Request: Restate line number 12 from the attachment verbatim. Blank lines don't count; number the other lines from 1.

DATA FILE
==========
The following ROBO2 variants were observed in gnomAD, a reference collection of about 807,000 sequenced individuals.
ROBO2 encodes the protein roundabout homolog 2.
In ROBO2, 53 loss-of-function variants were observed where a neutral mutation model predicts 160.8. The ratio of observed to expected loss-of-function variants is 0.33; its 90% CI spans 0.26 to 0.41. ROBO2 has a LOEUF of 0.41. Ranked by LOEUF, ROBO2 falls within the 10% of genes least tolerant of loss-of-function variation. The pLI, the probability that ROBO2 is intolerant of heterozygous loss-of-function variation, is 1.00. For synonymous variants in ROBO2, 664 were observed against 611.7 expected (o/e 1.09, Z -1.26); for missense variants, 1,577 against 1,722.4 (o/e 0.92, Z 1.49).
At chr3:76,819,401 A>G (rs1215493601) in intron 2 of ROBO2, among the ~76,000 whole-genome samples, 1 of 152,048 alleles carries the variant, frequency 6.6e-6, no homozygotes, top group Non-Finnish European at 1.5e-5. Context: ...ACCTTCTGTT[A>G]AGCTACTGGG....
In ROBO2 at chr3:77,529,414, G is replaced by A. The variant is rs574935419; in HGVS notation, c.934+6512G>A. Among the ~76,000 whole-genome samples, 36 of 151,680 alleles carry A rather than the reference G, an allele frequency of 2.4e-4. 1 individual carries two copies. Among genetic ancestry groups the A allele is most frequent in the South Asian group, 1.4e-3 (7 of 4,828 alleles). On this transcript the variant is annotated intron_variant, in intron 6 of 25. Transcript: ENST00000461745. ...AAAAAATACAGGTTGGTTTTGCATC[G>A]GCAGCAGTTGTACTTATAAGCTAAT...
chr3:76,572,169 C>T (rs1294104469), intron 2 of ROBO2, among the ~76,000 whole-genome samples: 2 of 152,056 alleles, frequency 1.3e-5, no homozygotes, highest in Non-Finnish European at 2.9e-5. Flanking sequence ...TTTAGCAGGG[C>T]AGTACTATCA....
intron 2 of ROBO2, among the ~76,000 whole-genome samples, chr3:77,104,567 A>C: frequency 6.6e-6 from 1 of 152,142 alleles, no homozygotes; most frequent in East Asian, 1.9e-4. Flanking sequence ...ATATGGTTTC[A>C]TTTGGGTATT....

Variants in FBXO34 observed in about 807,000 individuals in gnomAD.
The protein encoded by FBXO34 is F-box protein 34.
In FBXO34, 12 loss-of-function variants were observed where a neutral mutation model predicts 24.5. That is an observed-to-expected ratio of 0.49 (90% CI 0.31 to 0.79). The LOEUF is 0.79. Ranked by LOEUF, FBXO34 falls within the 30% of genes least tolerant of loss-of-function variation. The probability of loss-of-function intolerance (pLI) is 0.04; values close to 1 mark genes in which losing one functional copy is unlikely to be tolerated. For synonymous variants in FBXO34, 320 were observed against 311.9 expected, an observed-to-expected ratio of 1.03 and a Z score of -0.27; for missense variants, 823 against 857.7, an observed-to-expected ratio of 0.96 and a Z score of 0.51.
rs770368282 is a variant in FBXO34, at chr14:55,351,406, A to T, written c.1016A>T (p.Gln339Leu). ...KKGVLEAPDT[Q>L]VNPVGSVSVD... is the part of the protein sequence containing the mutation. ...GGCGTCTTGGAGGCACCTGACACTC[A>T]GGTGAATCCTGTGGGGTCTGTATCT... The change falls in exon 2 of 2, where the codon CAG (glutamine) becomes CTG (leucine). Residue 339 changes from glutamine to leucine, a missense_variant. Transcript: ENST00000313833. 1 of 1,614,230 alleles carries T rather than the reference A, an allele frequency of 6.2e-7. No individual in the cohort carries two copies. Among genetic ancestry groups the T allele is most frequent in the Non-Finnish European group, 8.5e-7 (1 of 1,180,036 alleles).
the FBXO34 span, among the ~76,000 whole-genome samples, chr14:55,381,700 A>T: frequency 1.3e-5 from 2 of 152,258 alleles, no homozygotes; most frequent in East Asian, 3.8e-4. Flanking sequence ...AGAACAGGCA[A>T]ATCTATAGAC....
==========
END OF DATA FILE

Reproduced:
the FBXO34 span, among the ~76,000 whole-genome samples, chr14:55,381,700 A>T: frequency 1.3e-5 from 2 of 152,258 alleles, no homozygotes; most frequent in East Asian, 3.8e-4. Flanking sequence ...AGAACAGGCA[A>T]ATCTATAGAC....